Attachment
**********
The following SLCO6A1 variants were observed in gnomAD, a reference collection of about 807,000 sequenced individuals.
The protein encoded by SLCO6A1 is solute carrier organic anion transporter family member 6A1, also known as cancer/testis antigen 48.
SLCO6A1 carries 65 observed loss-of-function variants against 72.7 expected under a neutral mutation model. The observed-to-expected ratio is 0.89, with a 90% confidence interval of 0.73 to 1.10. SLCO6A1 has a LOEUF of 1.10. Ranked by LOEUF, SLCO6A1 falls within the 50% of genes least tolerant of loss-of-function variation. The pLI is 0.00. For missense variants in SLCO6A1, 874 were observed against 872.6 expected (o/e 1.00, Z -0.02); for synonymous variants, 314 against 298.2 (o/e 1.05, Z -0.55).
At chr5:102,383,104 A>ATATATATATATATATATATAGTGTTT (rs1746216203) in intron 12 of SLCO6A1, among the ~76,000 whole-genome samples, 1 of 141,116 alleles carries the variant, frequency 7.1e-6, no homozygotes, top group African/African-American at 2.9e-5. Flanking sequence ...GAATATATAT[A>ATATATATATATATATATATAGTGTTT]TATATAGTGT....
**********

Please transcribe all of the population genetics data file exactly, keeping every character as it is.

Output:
The following SLCO6A1 variants were observed in gnomAD, a reference collection of about 807,000 sequenced individuals.
The protein encoded by SLCO6A1 is solute carrier organic anion transporter family member 6A1, also known as cancer/testis antigen 48.
SLCO6A1 carries 65 observed loss-of-function variants against 72.7 expected under a neutral mutation model. The observed-to-expected ratio is 0.89, with a 90% confidence interval of 0.73 to 1.10. SLCO6A1 has a LOEUF of 1.10. Ranked by LOEUF, SLCO6A1 falls within the 50% of genes least tolerant of loss-of-function variation. The pLI is 0.00. For missense variants in SLCO6A1, 874 were observed against 872.6 expected (o/e 1.00, Z -0.02); for synonymous variants, 314 against 298.2 (o/e 1.05, Z -0.55).
At chr5:102,383,104 A>ATATATATATATATATATATAGTGTTT (rs1746216203) in intron 12 of SLCO6A1, among the ~76,000 whole-genome samples, 1 of 141,116 alleles carries the variant, frequency 7.1e-6, no homozygotes, top group African/African-American at 2.9e-5. Flanking sequence ...GAATATATAT[A>ATATATATATATATATATATAGTGTTT]TATATAGTGT....